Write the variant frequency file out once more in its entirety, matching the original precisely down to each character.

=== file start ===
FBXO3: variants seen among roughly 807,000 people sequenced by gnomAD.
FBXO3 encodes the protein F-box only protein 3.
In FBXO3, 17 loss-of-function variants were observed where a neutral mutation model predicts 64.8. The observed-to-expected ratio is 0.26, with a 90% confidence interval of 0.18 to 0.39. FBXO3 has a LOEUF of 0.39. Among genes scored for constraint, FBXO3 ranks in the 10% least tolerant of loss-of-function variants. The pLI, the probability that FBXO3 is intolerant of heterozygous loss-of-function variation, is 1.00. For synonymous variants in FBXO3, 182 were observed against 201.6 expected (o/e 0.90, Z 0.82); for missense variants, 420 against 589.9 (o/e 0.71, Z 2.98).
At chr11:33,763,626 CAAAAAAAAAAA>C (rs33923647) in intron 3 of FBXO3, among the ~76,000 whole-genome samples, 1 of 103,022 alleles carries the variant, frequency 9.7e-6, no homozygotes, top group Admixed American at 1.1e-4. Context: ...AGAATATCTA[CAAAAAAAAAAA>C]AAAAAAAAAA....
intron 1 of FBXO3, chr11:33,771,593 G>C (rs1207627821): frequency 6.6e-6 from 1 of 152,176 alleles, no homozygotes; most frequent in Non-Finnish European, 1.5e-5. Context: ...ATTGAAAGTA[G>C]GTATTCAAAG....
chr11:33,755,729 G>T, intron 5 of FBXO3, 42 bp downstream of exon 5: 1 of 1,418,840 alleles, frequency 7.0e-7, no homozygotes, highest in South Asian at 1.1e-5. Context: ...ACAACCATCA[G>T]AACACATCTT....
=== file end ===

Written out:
FBXO3: variants seen among roughly 807,000 people sequenced by gnomAD.
FBXO3 encodes the protein F-box only protein 3.
In FBXO3, 17 loss-of-function variants were observed where a neutral mutation model predicts 64.8. The observed-to-expected ratio is 0.26, with a 90% confidence interval of 0.18 to 0.39. FBXO3 has a LOEUF of 0.39. Among genes scored for constraint, FBXO3 ranks in the 10% least tolerant of loss-of-function variants. The pLI, the probability that FBXO3 is intolerant of heterozygous loss-of-function variation, is 1.00. For synonymous variants in FBXO3, 182 were observed against 201.6 expected (o/e 0.90, Z 0.82); for missense variants, 420 against 589.9 (o/e 0.71, Z 2.98).
At chr11:33,763,626 CAAAAAAAAAAA>C (rs33923647) in intron 3 of FBXO3, among the ~76,000 whole-genome samples, 1 of 103,022 alleles carries the variant, frequency 9.7e-6, no homozygotes, top group Admixed American at 1.1e-4. Context: ...AGAATATCTA[CAAAAAAAAAAA>C]AAAAAAAAAA....
intron 1 of FBXO3, chr11:33,771,593 G>C (rs1207627821): frequency 6.6e-6 from 1 of 152,176 alleles, no homozygotes; most frequent in Non-Finnish European, 1.5e-5. Context: ...ATTGAAAGTA[G>C]GTATTCAAAG....
chr11:33,755,729 G>T, intron 5 of FBXO3, 42 bp downstream of exon 5: 1 of 1,418,840 alleles, frequency 7.0e-7, no homozygotes, highest in South Asian at 1.1e-5. Context: ...ACAACCATCA[G>T]AACACATCTT....